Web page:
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House nears vote on same-sex marriage bill

ANNAPOLIS — Gay marriage supporters were still working Tuesday to line up the votes needed to pass the measure in the House of Delegates, which put off debate until Wednesday.

Backers hope to win passage of the Senate-approved bill and send it by the end of the week to Democratic Gov. Martin O’Malley, who has said he will sign the bill.

Members of the House’s Lesbian, Gay, Bisexual and Transgendered Caucus appealed to their colleagues Tuesday in an attempt to find the 71 votes they need for passage.

“It will come as no surprise to any of you that this is a crucial week for the six of us,” the lawmakers wrote in their letter. “We write to ask you on behalf of our families and thousands of families headed by same-sex couples in our state to vote yes on this legislation.”

The bill would grant full marriage rights to same-sex couples, making Maryland the sixth state to enact such a measure. The Senate added provisions designed to protect religious groups and institutions from having to provide services at gay weddings, like catering or renting reception space.

While the Senate almost seamlessly passed the measure two weeks ago on a 25-21 vote after limited debate, the road has proved rockier in the House.

Two delegates stalled House efforts last week when they deliberately skipped a planned committee vote — ultimately delaying committee action until last Friday.

Delegate Jill Carter, D-Baltimore, said at the time she was withholding her support to leverage more funds for Baltimore schools and to advance a bill that would balance the child-custody rights of divorced parents. She eventually voted for the bill in committee.

Delegate Tiffany Alston, D-Prince George’s, said she was having trouble balancing her personal views and pressure from constituents. She ended up voting against the bill in committee.

Gay marriage advocates have struggled to find all the votes they need in the House.

“The number’s a moving target,” said Delegate Luke Clippinger, D-Baltimore, one of the chamber’s six openly gay members.

House Speaker Michael Busch, D-Anne Arundel, camped out in a back room of the House Judiciary Committee twice last week as delegates poured in to meet with him.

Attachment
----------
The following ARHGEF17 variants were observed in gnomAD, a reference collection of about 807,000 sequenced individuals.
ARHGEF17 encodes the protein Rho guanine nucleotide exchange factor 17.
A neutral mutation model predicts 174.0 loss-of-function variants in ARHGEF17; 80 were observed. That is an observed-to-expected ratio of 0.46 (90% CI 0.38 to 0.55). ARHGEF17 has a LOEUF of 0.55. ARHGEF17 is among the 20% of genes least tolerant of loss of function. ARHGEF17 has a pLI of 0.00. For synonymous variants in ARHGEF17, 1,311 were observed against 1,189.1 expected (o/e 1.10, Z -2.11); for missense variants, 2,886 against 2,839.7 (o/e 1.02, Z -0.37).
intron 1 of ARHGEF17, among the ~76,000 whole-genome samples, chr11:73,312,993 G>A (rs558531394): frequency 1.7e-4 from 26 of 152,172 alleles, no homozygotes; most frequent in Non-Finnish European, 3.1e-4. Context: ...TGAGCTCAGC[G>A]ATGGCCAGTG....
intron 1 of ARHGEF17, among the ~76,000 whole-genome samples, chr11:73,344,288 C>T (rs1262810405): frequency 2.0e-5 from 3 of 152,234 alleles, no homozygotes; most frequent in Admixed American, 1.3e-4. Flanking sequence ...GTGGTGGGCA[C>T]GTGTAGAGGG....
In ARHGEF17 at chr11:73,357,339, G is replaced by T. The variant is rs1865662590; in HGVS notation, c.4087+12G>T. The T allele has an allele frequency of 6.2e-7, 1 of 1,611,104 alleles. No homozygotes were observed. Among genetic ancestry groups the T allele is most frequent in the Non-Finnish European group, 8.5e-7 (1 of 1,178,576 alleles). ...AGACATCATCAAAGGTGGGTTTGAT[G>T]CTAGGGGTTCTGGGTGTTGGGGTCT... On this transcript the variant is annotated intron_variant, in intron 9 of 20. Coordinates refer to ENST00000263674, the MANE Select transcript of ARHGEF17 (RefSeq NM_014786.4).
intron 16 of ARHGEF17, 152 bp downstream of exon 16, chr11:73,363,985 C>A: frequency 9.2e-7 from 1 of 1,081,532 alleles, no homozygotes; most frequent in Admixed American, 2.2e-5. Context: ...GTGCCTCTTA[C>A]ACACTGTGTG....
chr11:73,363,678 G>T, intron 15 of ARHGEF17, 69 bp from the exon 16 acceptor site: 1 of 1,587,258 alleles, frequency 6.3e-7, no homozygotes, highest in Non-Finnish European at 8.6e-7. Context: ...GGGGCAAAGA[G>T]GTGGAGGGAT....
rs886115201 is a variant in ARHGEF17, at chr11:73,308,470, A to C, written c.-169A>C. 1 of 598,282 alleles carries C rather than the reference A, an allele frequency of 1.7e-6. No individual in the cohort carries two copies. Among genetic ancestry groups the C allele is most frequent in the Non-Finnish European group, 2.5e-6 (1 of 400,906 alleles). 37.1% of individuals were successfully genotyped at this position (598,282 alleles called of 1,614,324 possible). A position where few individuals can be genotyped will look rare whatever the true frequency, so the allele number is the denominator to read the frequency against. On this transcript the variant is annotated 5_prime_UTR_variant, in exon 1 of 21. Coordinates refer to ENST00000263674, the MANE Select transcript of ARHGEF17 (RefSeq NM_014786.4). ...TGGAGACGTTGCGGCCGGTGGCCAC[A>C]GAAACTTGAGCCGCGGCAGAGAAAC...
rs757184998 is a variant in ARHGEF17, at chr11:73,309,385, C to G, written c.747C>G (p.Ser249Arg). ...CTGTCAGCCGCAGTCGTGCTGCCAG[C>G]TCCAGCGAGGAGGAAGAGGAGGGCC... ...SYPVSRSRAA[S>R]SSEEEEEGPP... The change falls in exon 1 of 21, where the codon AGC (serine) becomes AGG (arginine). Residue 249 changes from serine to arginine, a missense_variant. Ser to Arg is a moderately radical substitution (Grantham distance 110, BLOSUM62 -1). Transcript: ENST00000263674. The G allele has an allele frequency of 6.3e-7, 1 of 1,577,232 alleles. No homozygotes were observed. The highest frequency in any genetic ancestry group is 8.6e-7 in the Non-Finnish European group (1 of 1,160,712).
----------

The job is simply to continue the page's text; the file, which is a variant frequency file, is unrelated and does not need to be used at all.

Delegates have said Busch and his staff are actively counting how many delegates will vote in favor of the bill.

Busch and Senate President Thomas V. Mike Miller have made clear to rank-and-file Democrats, however, that any changes to the Senate version would ultimately kill the measure this year.

“There’s too much mystery, too much secrecy,” Carter said. “I do have a problem with the fact that we can’t amend it. It’s a lame argument to say that we have to send the Senate a bill back exactly the way they sent it to us.”

Same-sex marriage opponents packed the House viewing gallery Monday night and cheered when Delegate Don Dwyer, R-Anne Arundel, announced their presence.

“If the House would join me in welcoming all the folks in the state who came down tonight in defense of marriage as between a man and a woman, we thank you so much for being here tonight,” said Dwyer, who is coordinating opposition in the House.

In some cases it has been the gay marriage’s nominal supporters who have hamstrung efforts.

Alston, a co-sponsor of the House gay marriage bill, said she will vote against it during the final House tally after hearing from her constituents.

Delegate Melvin Stukes, D-Baltimore, said that when he signed onto the bill he believed it would legalize civil unions, not grant full marriage rights to same-sex couples. He said Tuesday he will vote against the measure

“It was my understanding I was supporting a civil unions bill, otherwise, my name never would have been on it,” Stukes said.

And gay marriage supporters nationwide, including many high-profile Democratic activists, lashed out at Delegate Sam Arora when the Montgomery Democrat wavered in support of the same-sex marriage bill that he had signed onto.

Arora, a freshman, later said he would vote in favor of the bill, although he declined to elaborate on the statement at the time.